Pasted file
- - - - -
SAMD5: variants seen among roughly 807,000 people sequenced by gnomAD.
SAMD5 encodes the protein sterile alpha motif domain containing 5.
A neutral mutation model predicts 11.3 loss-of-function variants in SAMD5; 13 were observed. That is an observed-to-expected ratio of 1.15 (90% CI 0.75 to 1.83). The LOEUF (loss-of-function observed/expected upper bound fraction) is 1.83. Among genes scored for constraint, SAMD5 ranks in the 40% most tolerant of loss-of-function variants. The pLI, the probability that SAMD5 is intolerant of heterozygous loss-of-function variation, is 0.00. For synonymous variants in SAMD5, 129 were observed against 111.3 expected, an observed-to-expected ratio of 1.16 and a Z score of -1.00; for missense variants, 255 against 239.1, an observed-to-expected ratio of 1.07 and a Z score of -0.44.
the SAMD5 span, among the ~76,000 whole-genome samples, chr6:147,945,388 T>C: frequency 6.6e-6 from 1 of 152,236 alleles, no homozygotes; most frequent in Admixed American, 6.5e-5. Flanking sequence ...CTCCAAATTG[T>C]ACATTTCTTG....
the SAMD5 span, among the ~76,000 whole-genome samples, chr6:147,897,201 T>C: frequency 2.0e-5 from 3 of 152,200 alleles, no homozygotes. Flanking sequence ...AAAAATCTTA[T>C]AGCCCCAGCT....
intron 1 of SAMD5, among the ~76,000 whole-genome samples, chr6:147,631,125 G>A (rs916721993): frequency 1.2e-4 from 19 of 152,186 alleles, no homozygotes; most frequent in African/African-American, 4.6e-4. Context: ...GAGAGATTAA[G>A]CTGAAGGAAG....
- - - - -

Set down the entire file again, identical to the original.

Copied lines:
SAMD5: variants seen among roughly 807,000 people sequenced by gnomAD.
SAMD5 encodes the protein sterile alpha motif domain containing 5.
A neutral mutation model predicts 11.3 loss-of-function variants in SAMD5; 13 were observed. That is an observed-to-expected ratio of 1.15 (90% CI 0.75 to 1.83). The LOEUF (loss-of-function observed/expected upper bound fraction) is 1.83. Among genes scored for constraint, SAMD5 ranks in the 40% most tolerant of loss-of-function variants. The pLI, the probability that SAMD5 is intolerant of heterozygous loss-of-function variation, is 0.00. For synonymous variants in SAMD5, 129 were observed against 111.3 expected, an observed-to-expected ratio of 1.16 and a Z score of -1.00; for missense variants, 255 against 239.1, an observed-to-expected ratio of 1.07 and a Z score of -0.44.
the SAMD5 span, among the ~76,000 whole-genome samples, chr6:147,945,388 T>C: frequency 6.6e-6 from 1 of 152,236 alleles, no homozygotes; most frequent in Admixed American, 6.5e-5. Flanking sequence ...CTCCAAATTG[T>C]ACATTTCTTG....
the SAMD5 span, among the ~76,000 whole-genome samples, chr6:147,897,201 T>C: frequency 2.0e-5 from 3 of 152,200 alleles, no homozygotes. Flanking sequence ...AAAAATCTTA[T>C]AGCCCCAGCT....
intron 1 of SAMD5, among the ~76,000 whole-genome samples, chr6:147,631,125 G>A (rs916721993): frequency 1.2e-4 from 19 of 152,186 alleles, no homozygotes; most frequent in African/African-American, 4.6e-4. Context: ...GAGAGATTAA[G>A]CTGAAGGAAG....